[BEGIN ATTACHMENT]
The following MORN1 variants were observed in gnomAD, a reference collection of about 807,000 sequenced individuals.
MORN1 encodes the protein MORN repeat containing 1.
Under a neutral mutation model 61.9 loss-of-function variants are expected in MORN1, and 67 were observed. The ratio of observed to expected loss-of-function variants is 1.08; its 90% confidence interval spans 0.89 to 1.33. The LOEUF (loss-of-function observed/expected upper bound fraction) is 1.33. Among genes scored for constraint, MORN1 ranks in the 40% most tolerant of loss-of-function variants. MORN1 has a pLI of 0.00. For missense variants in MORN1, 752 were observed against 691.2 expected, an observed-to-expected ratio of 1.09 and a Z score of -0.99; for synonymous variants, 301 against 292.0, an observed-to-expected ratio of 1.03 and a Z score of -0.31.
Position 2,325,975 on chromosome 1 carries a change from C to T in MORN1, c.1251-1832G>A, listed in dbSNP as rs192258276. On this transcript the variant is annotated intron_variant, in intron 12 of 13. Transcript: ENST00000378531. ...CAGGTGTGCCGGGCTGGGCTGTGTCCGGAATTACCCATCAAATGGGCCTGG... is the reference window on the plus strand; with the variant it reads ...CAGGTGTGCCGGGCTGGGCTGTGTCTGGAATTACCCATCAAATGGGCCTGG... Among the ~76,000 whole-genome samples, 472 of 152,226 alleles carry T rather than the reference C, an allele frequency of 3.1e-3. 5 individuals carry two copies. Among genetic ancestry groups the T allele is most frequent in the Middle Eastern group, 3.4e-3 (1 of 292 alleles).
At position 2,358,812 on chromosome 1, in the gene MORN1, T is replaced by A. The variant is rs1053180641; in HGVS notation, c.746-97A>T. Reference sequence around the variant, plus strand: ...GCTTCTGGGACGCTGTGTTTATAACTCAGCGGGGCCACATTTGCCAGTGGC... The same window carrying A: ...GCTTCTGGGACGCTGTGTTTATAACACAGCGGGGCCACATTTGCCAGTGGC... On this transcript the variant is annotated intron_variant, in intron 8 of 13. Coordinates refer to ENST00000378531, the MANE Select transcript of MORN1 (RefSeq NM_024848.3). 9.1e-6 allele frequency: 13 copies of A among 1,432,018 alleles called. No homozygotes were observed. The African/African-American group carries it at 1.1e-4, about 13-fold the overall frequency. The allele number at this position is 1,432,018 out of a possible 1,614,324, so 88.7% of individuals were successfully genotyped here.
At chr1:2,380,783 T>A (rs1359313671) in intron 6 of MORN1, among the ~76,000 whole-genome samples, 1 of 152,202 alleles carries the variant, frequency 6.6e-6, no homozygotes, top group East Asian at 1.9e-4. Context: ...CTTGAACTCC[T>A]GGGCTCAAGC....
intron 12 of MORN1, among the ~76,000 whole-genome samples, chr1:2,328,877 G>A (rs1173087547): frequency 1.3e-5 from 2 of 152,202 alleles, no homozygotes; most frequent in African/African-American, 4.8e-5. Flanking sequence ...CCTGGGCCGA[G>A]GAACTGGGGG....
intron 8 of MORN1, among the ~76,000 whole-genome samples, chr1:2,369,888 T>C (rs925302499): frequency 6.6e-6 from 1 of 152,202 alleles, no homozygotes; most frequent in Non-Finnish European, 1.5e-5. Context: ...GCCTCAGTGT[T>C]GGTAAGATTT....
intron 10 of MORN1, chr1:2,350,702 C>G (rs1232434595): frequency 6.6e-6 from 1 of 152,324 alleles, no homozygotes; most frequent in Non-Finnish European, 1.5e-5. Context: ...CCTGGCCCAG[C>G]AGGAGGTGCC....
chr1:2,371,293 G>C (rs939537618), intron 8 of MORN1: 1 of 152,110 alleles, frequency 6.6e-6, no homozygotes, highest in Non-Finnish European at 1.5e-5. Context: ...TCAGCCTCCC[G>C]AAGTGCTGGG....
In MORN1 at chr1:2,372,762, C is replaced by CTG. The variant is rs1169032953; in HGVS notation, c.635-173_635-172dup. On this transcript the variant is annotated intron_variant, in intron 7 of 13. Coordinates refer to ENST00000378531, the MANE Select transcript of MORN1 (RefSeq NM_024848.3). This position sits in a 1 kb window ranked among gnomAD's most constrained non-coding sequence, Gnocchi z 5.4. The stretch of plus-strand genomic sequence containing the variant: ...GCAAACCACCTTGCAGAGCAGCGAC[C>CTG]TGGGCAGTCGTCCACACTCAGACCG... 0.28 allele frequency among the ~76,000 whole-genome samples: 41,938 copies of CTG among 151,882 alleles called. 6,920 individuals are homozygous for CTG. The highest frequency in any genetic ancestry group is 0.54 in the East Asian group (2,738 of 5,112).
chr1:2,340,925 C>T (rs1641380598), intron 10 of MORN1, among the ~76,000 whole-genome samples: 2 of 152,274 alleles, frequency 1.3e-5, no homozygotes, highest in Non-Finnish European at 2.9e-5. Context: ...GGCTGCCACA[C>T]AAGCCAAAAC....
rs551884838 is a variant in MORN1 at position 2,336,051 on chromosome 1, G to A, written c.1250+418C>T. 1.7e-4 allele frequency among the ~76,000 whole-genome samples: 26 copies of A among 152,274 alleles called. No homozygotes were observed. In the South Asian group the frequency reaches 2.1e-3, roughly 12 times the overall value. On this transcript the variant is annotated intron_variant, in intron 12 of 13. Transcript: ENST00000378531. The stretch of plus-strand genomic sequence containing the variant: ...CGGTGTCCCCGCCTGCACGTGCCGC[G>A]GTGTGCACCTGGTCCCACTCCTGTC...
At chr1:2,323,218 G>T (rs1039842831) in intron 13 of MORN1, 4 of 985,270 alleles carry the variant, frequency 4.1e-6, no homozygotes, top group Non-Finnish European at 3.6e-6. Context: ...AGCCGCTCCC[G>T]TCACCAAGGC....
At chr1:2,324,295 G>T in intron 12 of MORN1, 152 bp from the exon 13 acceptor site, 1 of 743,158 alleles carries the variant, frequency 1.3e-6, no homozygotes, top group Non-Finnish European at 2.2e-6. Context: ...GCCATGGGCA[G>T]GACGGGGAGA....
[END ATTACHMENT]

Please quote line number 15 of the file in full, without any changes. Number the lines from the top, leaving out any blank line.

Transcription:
At chr1:2,324,295 G>T in intron 12 of MORN1, 152 bp from the exon 13 acceptor site, 1 of 743,158 alleles carries the variant, frequency 1.3e-6, no homozygotes, top group Non-Finnish European at 2.2e-6. Context: ...GCCATGGGCA[G>T]GACGGGGAGA....